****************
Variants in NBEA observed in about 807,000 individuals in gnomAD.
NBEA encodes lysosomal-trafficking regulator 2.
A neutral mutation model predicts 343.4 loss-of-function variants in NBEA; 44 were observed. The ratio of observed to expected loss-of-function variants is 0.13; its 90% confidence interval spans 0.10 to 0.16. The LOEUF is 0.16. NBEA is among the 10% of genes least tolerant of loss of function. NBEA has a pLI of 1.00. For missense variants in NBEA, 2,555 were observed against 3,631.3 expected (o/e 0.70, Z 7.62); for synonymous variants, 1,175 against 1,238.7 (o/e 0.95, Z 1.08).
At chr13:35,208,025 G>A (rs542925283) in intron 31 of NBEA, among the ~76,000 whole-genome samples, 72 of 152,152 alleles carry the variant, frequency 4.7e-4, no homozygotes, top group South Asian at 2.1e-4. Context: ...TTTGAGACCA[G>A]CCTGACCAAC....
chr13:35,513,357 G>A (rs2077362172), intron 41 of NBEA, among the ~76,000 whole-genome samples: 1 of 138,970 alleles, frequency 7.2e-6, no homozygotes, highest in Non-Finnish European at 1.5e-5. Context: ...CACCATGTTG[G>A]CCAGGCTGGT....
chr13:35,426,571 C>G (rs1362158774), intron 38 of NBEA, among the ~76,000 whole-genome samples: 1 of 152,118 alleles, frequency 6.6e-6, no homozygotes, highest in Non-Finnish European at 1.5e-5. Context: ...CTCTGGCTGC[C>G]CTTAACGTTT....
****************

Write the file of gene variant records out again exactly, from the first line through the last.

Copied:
Variants in NBEA observed in about 807,000 individuals in gnomAD.
NBEA encodes lysosomal-trafficking regulator 2.
A neutral mutation model predicts 343.4 loss-of-function variants in NBEA; 44 were observed. The ratio of observed to expected loss-of-function variants is 0.13; its 90% confidence interval spans 0.10 to 0.16. The LOEUF is 0.16. NBEA is among the 10% of genes least tolerant of loss of function. NBEA has a pLI of 1.00. For missense variants in NBEA, 2,555 were observed against 3,631.3 expected (o/e 0.70, Z 7.62); for synonymous variants, 1,175 against 1,238.7 (o/e 0.95, Z 1.08).
At chr13:35,208,025 G>A (rs542925283) in intron 31 of NBEA, among the ~76,000 whole-genome samples, 72 of 152,152 alleles carry the variant, frequency 4.7e-4, no homozygotes, top group South Asian at 2.1e-4. Context: ...TTTGAGACCA[G>A]CCTGACCAAC....
chr13:35,513,357 G>A (rs2077362172), intron 41 of NBEA, among the ~76,000 whole-genome samples: 1 of 138,970 alleles, frequency 7.2e-6, no homozygotes, highest in Non-Finnish European at 1.5e-5. Context: ...CACCATGTTG[G>A]CCAGGCTGGT....
chr13:35,426,571 C>G (rs1362158774), intron 38 of NBEA, among the ~76,000 whole-genome samples: 1 of 152,118 alleles, frequency 6.6e-6, no homozygotes, highest in Non-Finnish European at 1.5e-5. Context: ...CTCTGGCTGC[C>G]CTTAACGTTT....